235Joined Jul 2021


Topic Contributions

I have mixed feelings because I understand what the post is getting at but think this is a good example of a person writing their thoughts without considering how others will perceive them. E.g. there is no need to say 'quality of person' to get the point across, but doing so might make more sense if the author's mental process is simply 'writing down, as accurately as possible, what I believe' and there's no flagging of how a message might be received.

This problem seems common to me in the rationality community. Not meaning to dig at Thomas in particular, only to point it out, since I think it could reduce the diversity of the EA community along important lines.

If you state an opinion, it's thought that opinion should be scrupulously challenged.

If you state a feeling you had, especially a difficult or conflicted one, it's thought that it should be welcomed and certainly not challenged.

Individually, these attitudes make sense, but together I would expect that they will make Forum posts much more focused on emotional reactions than careful and unemotional pieces.

To clarify, I want both and think emotional reactions can be very important. But at least once, I've seen a detailed but unemotional post buried under a less well thought through post describing someone's emotional reaction to a similar issue. Perhaps we should be welcoming of posts that try hard to do careful and rational analysis, even if they seem/are misguided or unsuccessful.

(Intersubjective evaluation - the combination of multiple people's subjective evaluations - could plausibly be better than one person's subjective evaluation, especially if of themselves, assuming 'errors' are somewhat uncorrelated.)

Linking to Spencer Greenberg's excellent short talk on intrinsic values: 

Spencer claims, among other things, that

  • it's a cognitive fact that you value multiple different things
  • if you pretend otherwise, e.g. because you feel it's stigmatised to act based on any consideration but impartial impact, you will fool yourself with 'irrational doublethink' of the type described in this post.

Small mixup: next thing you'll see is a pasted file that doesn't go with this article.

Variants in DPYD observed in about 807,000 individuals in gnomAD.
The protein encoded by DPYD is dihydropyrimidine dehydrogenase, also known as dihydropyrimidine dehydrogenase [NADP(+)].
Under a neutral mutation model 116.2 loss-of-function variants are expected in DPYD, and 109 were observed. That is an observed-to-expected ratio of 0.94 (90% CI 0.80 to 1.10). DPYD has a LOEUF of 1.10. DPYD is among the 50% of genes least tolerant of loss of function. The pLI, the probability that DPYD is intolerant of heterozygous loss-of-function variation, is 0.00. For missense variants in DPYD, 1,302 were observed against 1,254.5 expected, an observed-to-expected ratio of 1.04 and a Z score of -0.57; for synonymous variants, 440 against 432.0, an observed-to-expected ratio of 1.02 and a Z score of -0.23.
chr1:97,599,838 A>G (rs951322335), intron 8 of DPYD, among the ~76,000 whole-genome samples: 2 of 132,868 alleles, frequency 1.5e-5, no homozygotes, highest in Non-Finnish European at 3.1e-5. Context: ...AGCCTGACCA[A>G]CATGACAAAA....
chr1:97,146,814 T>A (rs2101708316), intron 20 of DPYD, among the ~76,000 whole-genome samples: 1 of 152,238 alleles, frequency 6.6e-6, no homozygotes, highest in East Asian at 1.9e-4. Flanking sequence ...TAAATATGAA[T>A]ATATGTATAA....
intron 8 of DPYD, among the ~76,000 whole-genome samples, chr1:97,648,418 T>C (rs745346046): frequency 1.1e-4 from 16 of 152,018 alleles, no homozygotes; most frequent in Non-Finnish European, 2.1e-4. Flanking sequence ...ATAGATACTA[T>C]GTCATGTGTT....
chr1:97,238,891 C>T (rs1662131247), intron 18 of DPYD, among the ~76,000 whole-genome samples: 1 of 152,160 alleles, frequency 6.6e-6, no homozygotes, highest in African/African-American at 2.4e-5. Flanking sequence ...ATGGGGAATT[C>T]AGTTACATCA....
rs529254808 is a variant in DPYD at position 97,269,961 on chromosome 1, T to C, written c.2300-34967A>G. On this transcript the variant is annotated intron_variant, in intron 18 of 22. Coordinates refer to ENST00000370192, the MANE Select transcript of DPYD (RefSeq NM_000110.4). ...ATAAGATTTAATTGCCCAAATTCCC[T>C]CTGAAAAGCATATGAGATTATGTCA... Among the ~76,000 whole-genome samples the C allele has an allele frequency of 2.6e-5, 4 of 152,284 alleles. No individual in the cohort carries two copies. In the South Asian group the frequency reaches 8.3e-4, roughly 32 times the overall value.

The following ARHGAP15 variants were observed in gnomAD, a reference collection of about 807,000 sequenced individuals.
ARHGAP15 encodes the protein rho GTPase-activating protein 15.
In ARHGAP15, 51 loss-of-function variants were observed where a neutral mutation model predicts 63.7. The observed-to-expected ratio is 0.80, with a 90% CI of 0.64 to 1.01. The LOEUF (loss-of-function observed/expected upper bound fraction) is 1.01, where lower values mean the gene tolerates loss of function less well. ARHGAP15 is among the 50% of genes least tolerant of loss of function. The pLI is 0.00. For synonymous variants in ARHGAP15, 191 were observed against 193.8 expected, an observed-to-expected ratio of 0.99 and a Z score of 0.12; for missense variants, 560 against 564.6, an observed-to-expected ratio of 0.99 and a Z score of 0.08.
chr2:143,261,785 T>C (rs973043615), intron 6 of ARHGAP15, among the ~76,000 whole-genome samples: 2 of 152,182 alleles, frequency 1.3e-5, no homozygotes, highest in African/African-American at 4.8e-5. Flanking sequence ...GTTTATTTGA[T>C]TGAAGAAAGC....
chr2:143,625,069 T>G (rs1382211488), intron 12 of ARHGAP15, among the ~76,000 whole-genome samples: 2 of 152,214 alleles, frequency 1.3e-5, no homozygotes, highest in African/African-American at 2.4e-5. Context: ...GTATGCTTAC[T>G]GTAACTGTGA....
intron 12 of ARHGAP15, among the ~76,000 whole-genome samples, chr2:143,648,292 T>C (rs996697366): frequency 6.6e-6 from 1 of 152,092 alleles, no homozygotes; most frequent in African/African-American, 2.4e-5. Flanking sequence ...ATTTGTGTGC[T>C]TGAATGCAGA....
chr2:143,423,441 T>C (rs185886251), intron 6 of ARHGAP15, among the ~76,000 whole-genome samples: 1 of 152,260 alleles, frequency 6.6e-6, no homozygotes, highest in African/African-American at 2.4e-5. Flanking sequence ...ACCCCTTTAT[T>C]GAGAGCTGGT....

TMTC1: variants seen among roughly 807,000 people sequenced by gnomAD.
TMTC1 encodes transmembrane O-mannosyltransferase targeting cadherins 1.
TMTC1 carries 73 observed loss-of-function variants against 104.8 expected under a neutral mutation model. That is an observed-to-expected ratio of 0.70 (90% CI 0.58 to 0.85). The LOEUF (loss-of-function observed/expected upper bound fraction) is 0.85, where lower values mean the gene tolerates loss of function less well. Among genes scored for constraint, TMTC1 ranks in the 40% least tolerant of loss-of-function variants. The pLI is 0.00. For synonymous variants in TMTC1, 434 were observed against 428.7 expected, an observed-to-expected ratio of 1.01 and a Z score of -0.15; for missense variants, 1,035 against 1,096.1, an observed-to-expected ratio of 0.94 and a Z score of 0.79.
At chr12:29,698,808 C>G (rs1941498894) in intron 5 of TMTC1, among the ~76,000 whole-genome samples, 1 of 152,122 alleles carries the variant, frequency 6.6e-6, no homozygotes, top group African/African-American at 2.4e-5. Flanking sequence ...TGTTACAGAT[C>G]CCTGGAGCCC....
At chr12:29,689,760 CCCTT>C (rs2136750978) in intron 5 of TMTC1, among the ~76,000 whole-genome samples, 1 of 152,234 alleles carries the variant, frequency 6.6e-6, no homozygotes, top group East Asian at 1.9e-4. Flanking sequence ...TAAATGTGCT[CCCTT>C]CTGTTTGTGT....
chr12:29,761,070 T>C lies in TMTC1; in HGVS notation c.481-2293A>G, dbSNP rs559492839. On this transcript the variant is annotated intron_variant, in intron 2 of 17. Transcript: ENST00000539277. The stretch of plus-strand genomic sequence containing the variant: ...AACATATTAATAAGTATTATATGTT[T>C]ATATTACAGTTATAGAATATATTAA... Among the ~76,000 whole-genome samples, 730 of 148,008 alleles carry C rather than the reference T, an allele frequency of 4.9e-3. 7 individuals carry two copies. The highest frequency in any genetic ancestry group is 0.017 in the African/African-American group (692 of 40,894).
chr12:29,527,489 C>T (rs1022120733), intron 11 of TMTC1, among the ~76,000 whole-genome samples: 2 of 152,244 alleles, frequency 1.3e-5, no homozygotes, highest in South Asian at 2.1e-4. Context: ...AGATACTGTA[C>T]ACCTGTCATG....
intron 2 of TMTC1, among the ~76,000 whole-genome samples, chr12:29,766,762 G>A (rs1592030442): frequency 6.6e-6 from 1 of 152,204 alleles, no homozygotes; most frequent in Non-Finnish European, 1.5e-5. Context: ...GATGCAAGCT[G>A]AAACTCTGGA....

Thanks for sharing, and congrats! I especially enjoyed reading through the timeline. (I generally like & find it helpful to read concrete, relevant info, especially in posts more abstract than this one.)

Thanks so much for sharing your thoughts in such detail here :)

Not sure about best places, though I have a friend who's working on setting up an EA community in Tulsa, Oklahoma.

It might be worth pointing out that, in my experience, EAs seem quite unusual in tending to talk about EA almost all the time, e.g. at parties and other events as well as at work. I've often found this inspiring and energising, but I can also understand how someone could feel overwhelmed by it.

Great post!

The fact that some  orgs already say things like 'knowledge of effective altruism is preferred but not essential' probably doesn't solve this issue. I can imagine that many jobs are competitive enough that you could only reasonably have a shot if you ticked certain boxes related to EA knowledge/experience, even if you might be a better and more-aligned candidate but don't have obvious evidence.

I think there's information value from doing lots of 10-minute speed-interviews, at least sometimes, so that we can get a sense of how many competent and EA-aligned people might be off EA orgs' radar.

p.s. I can confirm that Evan has been an excellent volunteer for the EA & Consulting Network.

Thank you very much for this post. I thought it was well-written and that the topic may be important, especially when it comes to epistemics.

I want to echo the comments that cost-effectiveness should still be considered. I have noticed  people (especially Bay Area longtermists) acting like almost anything that saves time or is at all connected to longtermism is a good use of money. As a result, money gets wasted because cheaper ways of creating the same impact are missed. For example, one time an EA offered to pay $140 of EA money (I think) for me for two long Uber rides so that we could meet up, since there wasn't a fast public transport link. The conversation turned out to be a 30-minute data-gathering task with set questions that worked fine when we did it on Zoom instead.

Something can have a very high value but a low price. I would pay a lot for potable liquid if I had to, but thanks to tap water that's not required, so I would be foolish to do so. In the example above, even if the value of the data were $140, the price  of getting it was lower than that. After taking into account the value of time spent finding cheaper alternatives, EAs should capture the surplus whenever possible.

As a default, I would like to see people doing a quick internal back-of-the-envelope calculation and scan for cheaper alternatives, which could take a minute or five. Not only do I think this is cost-effective; I think it helps with any issues of optics and alienation as well, because you only do crazy-expensive-looking things when there's not an obvious cheaper alternative.

It would also be nice to have a megathread of cheaper alternatives to common expenditures.

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